It was an innocuous interview about a subject I no longer remember. A dozen years ago, I made arrangements to meet Joe Lieberman in a Manhattan office building where he had other business. The Connecticut senator, who announced this week he won’t seek re-election for a fifth term, would be able to spare 15 or 20 minutes between appointments for a taped conversation to be broadcast on the television network where I was then employed.
For the past several months, the issue that had not been raised (by non-Jews, at least) in Sen. Joe Lieberman's campaign for the presidency was his religion. Lieberman has been poised to prove that a Jew can stand for president as a patriotic American and be judged solely on those terms.
The Democratic Party may be about to experience a battle for its Jewish soul. Less than a year before the first primary, the field for the 2004 Democratic presidential nomination has turned into a crowd, but two names have special significance for Jewish voters and the politicians who woo them: Sen. Joe Lieberman (D-Conn.) and the Rev. Al Sharpton -- the cautious, conservative lawmaker and the rhetorical bomb thrower.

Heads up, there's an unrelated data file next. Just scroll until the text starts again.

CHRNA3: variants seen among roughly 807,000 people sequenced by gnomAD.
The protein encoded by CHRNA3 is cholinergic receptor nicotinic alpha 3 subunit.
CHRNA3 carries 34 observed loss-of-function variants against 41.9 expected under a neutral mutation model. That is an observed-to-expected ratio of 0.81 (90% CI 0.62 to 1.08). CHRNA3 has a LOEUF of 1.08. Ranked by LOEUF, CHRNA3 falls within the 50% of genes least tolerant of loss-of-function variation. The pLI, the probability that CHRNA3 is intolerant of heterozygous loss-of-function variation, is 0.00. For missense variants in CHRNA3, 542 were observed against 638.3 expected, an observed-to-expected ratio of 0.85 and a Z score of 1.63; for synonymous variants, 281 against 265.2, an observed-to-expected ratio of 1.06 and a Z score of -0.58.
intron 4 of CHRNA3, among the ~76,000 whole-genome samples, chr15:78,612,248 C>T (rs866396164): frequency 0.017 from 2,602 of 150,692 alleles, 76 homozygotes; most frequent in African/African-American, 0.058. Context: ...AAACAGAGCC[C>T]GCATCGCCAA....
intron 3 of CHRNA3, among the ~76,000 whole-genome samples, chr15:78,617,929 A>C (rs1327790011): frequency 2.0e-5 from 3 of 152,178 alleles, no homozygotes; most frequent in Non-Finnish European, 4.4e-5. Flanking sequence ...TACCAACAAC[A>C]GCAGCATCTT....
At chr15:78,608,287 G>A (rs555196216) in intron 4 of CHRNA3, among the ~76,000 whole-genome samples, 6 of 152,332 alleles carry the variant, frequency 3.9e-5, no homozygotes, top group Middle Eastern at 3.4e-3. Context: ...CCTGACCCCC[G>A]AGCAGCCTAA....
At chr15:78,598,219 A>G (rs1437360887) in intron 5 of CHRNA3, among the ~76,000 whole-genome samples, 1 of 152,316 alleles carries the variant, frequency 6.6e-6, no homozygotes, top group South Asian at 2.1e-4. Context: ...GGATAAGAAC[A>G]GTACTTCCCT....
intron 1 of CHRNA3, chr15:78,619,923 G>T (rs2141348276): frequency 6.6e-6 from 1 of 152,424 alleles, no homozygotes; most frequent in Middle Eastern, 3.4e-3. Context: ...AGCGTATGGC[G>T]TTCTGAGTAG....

Now that his kippah is officially in the presidential ring, Sen. Joseph Lieberman (D-Conn.) is expected to win enthusiastic support from Jews across the country. But his formal announcement on Monday has also touched off a quiet undercurrent of concern that 2004 may not be as opportune a time for a breakthrough Jewish candidacy as 2000.
This year, 5763, Rosh Hashana falls on Shabbat, the weekly observance that Sen. Joseph Lieberman calls "a sanctuary to put the outside world on hold and concentrate on what's really important -- your faith and your family." And although Lieberman, who was the Democratic candidate for vice president in 2000, will experience the same joy he feels every Friday night as he takes off his watch and prepares to get into the Sabbath mood, during Rosh Hashana all activities are heightened -- the prayers are longer, the conversation more intense, the urgency to evaluate the past year and make resolutions for a sweet New Year more palpable.